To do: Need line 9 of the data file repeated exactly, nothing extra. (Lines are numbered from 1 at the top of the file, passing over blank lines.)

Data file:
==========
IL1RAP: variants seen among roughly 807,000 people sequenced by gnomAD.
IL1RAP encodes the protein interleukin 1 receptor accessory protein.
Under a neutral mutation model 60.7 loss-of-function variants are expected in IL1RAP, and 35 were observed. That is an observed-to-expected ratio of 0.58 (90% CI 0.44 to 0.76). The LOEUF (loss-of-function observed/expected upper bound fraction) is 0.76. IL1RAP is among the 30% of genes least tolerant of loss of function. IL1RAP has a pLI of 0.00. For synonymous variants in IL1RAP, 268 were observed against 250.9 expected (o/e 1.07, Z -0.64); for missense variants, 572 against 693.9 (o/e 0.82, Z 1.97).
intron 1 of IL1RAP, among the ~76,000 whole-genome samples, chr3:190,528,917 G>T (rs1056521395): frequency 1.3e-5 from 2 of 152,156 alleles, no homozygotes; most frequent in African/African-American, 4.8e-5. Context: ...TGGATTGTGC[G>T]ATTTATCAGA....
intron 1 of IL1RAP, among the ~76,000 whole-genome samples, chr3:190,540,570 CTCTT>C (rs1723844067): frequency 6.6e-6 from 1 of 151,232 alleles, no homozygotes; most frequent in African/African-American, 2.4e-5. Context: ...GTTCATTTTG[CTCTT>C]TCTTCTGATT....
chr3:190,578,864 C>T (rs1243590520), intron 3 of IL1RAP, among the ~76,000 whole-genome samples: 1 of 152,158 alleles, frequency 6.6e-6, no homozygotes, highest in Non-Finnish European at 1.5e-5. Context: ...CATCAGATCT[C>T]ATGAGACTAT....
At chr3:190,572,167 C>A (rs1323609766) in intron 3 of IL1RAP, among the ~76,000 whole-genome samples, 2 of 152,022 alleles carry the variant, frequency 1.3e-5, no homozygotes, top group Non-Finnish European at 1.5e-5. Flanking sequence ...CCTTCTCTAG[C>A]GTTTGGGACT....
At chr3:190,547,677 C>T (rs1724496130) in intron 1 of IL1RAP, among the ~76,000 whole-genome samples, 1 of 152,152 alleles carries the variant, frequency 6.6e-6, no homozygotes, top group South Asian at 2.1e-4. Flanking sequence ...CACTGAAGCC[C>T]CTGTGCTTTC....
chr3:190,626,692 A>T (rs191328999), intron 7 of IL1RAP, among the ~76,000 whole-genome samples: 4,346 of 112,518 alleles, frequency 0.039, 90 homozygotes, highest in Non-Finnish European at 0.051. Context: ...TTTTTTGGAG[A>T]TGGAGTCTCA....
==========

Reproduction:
chr3:190,626,692 A>T (rs191328999), intron 7 of IL1RAP, among the ~76,000 whole-genome samples: 4,346 of 112,518 alleles, frequency 0.039, 90 homozygotes, highest in Non-Finnish European at 0.051. Context: ...TTTTTTGGAG[A>T]TGGAGTCTCA....